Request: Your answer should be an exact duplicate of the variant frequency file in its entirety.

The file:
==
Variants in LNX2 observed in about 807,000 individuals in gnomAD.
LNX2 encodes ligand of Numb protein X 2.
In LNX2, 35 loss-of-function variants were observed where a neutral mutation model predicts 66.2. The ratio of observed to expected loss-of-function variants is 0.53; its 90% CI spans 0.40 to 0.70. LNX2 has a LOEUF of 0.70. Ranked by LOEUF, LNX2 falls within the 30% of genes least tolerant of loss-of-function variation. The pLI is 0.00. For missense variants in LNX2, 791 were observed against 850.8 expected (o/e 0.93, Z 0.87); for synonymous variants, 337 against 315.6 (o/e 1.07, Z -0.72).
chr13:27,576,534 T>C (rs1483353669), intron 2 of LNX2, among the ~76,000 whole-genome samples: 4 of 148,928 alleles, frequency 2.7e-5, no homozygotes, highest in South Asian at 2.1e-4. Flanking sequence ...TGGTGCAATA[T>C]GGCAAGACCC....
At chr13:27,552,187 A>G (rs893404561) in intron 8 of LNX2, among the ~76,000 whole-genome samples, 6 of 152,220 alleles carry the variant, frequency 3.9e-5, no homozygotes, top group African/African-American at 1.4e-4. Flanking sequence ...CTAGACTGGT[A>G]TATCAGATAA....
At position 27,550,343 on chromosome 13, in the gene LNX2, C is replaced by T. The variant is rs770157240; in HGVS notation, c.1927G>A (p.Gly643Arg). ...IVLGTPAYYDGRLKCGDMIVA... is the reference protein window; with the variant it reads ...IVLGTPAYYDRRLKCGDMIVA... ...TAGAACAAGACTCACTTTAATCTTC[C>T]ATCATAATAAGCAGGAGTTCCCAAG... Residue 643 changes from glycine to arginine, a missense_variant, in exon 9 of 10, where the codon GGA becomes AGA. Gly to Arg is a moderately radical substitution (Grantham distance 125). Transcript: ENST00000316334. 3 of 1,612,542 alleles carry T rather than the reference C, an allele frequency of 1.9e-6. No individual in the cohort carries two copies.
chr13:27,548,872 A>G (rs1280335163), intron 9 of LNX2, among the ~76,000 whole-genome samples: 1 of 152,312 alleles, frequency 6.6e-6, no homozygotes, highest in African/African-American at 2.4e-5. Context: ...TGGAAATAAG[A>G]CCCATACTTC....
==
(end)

Variants in LNX2 observed in about 807,000 individuals in gnomAD.
LNX2 encodes ligand of Numb protein X 2.
In LNX2, 35 loss-of-function variants were observed where a neutral mutation model predicts 66.2. The ratio of observed to expected loss-of-function variants is 0.53; its 90% CI spans 0.40 to 0.70. LNX2 has a LOEUF of 0.70. Ranked by LOEUF, LNX2 falls within the 30% of genes least tolerant of loss-of-function variation. The pLI is 0.00. For missense variants in LNX2, 791 were observed against 850.8 expected (o/e 0.93, Z 0.87); for synonymous variants, 337 against 315.6 (o/e 1.07, Z -0.72).
chr13:27,576,534 T>C (rs1483353669), intron 2 of LNX2, among the ~76,000 whole-genome samples: 4 of 148,928 alleles, frequency 2.7e-5, no homozygotes, highest in South Asian at 2.1e-4. Flanking sequence ...TGGTGCAATA[T>C]GGCAAGACCC....
At chr13:27,552,187 A>G (rs893404561) in intron 8 of LNX2, among the ~76,000 whole-genome samples, 6 of 152,220 alleles carry the variant, frequency 3.9e-5, no homozygotes, top group African/African-American at 1.4e-4. Flanking sequence ...CTAGACTGGT[A>G]TATCAGATAA....
At position 27,550,343 on chromosome 13, in the gene LNX2, C is replaced by T. The variant is rs770157240; in HGVS notation, c.1927G>A (p.Gly643Arg). ...IVLGTPAYYDGRLKCGDMIVA... is the reference protein window; with the variant it reads ...IVLGTPAYYDRRLKCGDMIVA... ...TAGAACAAGACTCACTTTAATCTTC[C>T]ATCATAATAAGCAGGAGTTCCCAAG... Residue 643 changes from glycine to arginine, a missense_variant, in exon 9 of 10, where the codon GGA becomes AGA. Gly to Arg is a moderately radical substitution (Grantham distance 125). Transcript: ENST00000316334. 3 of 1,612,542 alleles carry T rather than the reference C, an allele frequency of 1.9e-6. No individual in the cohort carries two copies.
chr13:27,548,872 A>G (rs1280335163), intron 9 of LNX2, among the ~76,000 whole-genome samples: 1 of 152,312 alleles, frequency 6.6e-6, no homozygotes, highest in African/African-American at 2.4e-5. Context: ...TGGAAATAAG[A>G]CCCATACTTC....